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biorxiv; 2022.
Preprint in English | bioRxiv | ID: ppzbmed-10.1101.2022.06.28.497919


TRIM7 catalyses the ubiquitination of multiple substrates with unrelated biological functions. This cross-reactivity is at odds with the specificity usually displayed by enzymes, including ubiquitin ligases. Here we show that TRIM7s extreme substrate promiscuity is due to a highly unusual binding mechanism, in which the PRYSPRY domain captures any ligand with a C-terminal helix that terminates in a hydrophobic residue followed by a glutamine. Many of the non-structural proteins found in RNA viruses contain C-terminal glutamines as a result of polyprotein cleavage by 3C protease. This viral processing strategy generates novel substrates for TRIM7 and explains its ability to inhibit Coxsackie virus and norovirus replication. In addition to viral proteins, cellular proteins such as glycogenin have evolved C-termini that make them a TRIM7 substrate. The helix-FQ degron motif recognised by TRIM7 is reminiscent of the N-end degron system and is found in ~ 1% of cellular proteins. These features, together with TRIM7s restricted tissue expression and lack of immune regulation suggest that viral restriction may not be its physiological function.

biorxiv; 2021.
Preprint in English | bioRxiv | ID: ppzbmed-10.1101.2021.06.06.446826


Emergence of SARS-CoV-2 variants, including the globally successful B.1.1.7 lineage, suggests viral adaptations to host selective pressures resulting in more efficient transmission. Although much effort has focused on Spike adaptation for viral entry and adaptive immune escape, B.1.1.7 mutations outside Spike likely contribute to enhance transmission. Here we used unbiased abundance proteomics, phosphoproteomics, mRNA sequencing and viral replication assays to show that B.1.1.7 isolates more effectively suppress host innate immune responses in airway epithelial cells. We found that B.1.1.7 isolates have dramatically increased subgenomic RNA and protein levels of Orf9b and Orf6, both known innate immune antagonists. Expression of Orf9b alone suppressed the innate immune response through interaction with TOM70, a mitochondrial protein required for RNA sensing adaptor MAVS activation, and Orf9b binding and activity was regulated via phosphorylation. We conclude that B.1.1.7 has evolved beyond the Spike coding region to more effectively antagonise host innate immune responses through upregulation of specific subgenomic RNA synthesis and increased protein expression of key innate immune antagonists. We propose that more effective innate immune antagonism increases the likelihood of successful B.1.1.7 transmission, and may increase in vivo replication and duration of infection.

researchsquare; 2021.


Understanding the drivers for spread of SARS-CoV-2 in higher education settings is important to limit transmission between students, and onward spread into at-risk populations. In this study, we prospectively sequenced 482 SARS-CoV-2 isolates derived from asymptomatic student screening and symptomatic testing of students and staff at the University of Cambridge from 5 October to 6 December 2020. We performed a detailed phylogenetic comparison with 972 isolates from the surrounding community, complemented with epidemiological and contact tracing data, to determine transmission dynamics. After a limited number of viral introductions into the university, the majority of student cases were linked to a single genetic cluster, likely dispersed across the university following social gatherings at a venue outside the university. We identified considerable onward transmission associated with student accommodation and courses; this was effectively contained using local infection control measures and dramatically reduced following a national lockdown. We observed that transmission clusters were largely segregated within the university or within the community. This study highlights key determinants of SARS-CoV-2 transmission and effective interventions in a higher education setting that will inform public health policy during pandemics.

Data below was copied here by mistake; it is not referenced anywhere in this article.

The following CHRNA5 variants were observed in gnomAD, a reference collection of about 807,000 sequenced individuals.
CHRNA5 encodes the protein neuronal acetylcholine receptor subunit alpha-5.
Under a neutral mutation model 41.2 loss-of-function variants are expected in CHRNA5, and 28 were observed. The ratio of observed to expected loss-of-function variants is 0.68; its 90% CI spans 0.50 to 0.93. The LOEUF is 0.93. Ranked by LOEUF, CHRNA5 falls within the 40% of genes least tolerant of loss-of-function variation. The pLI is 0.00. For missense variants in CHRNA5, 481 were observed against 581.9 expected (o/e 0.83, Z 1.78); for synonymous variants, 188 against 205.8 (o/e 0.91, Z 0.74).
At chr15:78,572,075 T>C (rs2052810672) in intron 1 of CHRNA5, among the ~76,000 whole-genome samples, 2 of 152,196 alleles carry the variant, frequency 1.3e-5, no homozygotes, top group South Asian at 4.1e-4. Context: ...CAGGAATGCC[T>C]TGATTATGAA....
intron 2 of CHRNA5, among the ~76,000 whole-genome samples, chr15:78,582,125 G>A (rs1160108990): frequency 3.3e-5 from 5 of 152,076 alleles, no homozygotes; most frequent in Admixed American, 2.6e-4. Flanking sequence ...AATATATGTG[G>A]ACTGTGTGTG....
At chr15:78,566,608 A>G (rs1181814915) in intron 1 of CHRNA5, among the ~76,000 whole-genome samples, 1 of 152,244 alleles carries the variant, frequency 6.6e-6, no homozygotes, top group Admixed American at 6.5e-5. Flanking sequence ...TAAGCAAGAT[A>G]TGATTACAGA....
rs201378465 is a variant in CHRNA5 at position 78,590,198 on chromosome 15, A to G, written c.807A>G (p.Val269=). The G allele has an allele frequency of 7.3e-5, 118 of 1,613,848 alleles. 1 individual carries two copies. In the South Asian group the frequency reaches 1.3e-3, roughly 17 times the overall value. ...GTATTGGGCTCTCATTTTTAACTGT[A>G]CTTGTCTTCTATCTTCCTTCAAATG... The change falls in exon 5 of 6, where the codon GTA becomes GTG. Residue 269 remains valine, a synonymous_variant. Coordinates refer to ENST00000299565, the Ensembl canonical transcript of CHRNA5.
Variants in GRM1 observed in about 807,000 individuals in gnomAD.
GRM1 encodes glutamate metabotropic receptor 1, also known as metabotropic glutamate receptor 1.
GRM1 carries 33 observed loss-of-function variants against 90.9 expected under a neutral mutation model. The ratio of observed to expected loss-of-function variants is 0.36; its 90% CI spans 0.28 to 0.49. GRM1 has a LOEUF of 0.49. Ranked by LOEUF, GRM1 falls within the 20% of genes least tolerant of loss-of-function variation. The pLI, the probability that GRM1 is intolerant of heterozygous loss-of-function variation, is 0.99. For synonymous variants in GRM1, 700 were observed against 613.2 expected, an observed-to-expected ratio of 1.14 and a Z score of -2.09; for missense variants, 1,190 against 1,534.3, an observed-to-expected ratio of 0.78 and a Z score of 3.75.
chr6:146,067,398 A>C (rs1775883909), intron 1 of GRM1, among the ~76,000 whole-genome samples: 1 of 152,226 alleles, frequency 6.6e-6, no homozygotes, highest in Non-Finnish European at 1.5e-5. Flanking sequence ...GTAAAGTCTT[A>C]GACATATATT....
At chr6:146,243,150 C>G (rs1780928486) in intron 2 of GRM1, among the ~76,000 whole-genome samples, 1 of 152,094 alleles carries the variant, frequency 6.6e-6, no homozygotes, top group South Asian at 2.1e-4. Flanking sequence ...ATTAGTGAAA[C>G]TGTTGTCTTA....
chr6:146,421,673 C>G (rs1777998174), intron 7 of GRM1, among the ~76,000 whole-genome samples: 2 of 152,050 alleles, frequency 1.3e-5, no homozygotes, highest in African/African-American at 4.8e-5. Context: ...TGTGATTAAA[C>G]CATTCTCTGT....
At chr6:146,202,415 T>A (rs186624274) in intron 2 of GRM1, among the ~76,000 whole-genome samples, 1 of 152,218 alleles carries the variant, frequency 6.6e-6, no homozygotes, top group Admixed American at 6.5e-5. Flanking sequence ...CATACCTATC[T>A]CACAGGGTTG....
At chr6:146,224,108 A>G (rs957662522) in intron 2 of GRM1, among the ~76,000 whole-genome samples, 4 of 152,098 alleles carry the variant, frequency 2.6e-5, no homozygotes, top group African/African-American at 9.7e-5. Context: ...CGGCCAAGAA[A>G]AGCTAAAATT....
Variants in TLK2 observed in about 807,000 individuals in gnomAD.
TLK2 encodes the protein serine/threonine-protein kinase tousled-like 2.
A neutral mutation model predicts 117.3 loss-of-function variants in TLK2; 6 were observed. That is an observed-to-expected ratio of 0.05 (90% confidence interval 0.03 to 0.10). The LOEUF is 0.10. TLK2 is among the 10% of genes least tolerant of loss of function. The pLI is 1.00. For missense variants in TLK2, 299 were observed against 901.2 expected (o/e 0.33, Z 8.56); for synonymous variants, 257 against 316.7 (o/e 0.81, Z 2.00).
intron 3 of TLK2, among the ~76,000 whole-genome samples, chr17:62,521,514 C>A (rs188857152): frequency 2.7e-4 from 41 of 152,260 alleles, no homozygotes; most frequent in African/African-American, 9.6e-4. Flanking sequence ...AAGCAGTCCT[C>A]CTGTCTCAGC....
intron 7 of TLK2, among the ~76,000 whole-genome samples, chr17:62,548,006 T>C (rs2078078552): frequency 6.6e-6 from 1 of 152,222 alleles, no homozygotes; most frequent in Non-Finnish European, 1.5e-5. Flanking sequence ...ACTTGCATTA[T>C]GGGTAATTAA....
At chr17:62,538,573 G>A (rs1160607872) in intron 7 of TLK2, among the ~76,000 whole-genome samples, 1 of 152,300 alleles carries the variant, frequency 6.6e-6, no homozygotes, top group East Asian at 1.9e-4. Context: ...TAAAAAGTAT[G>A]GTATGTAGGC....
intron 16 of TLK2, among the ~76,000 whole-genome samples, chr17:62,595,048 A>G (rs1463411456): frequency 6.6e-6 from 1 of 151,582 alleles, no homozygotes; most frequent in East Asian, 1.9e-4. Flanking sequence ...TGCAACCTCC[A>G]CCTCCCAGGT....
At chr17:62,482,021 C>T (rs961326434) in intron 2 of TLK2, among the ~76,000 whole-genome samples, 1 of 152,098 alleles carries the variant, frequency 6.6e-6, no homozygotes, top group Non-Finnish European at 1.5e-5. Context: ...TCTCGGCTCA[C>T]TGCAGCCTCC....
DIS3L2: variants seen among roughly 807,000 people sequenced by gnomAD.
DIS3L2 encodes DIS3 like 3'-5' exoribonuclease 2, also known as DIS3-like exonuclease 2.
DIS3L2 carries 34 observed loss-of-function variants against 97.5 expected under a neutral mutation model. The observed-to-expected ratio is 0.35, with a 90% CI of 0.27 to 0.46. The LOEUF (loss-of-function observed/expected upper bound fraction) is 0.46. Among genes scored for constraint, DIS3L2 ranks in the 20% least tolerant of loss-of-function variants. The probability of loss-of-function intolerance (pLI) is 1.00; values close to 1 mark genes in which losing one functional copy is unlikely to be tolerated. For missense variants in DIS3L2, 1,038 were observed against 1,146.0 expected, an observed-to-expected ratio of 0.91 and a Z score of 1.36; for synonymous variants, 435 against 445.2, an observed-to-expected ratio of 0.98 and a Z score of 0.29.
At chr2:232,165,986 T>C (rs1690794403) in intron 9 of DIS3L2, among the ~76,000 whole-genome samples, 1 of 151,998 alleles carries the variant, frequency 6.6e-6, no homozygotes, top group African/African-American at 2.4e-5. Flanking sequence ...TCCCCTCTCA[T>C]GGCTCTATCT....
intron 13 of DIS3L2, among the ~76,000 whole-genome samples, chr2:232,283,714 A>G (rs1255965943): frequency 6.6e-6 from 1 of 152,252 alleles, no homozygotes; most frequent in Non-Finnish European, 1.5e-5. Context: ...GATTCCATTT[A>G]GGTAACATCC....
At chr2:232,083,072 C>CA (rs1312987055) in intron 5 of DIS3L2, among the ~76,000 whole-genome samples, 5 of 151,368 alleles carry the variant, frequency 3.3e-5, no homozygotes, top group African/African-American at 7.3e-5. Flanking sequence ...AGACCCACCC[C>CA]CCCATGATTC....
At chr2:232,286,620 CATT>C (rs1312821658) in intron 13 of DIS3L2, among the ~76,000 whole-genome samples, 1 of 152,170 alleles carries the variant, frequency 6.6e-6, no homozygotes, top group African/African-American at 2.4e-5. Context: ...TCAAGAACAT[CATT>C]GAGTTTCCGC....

biorxiv; 2020.
Preprint in English | bioRxiv | ID: ppzbmed-10.1101.2020.12.23.424229


Monitoring the spread of SARS-CoV-2 and reconstructing transmission chains has become a major public health focus for many governments around the world. The modest mutation rate and rapid transmission of SARS-CoV-2 prevents the reconstruction of transmission chains from consensus genome sequences, but within-host genetic diversity could theoretically help identify close contacts. Here we describe the patterns of within-host diversity in 1,181 SARS-CoV-2 samples sequenced to high depth in duplicate. 95% of samples show within-host mutations at detectable allele frequencies. Analyses of the mutational spectra revealed strong strand asymmetries suggestive of damage or RNA editing of the plus strand, rather than replication errors, dominating the accumulation of mutations during the SARS-CoV-2 pandemic. Within and between host diversity show strong purifying selection, particularly against nonsense mutations. Recurrent within-host mutations, many of which coincide with known phylogenetic homoplasies, display a spectrum and patterns of purifying selection more suggestive of mutational hotspots than recombination or convergent evolution. While allele frequencies suggest that most samples result from infection by a single lineage, we identify multiple putative examples of co-infection. Integrating these results into an epidemiological inference framework, we find that while sharing of within-host variants between samples could help the reconstruction of transmission chains, mutational hotspots and rare cases of superinfection can confound these analyses.

Coinfection , Brain Diseases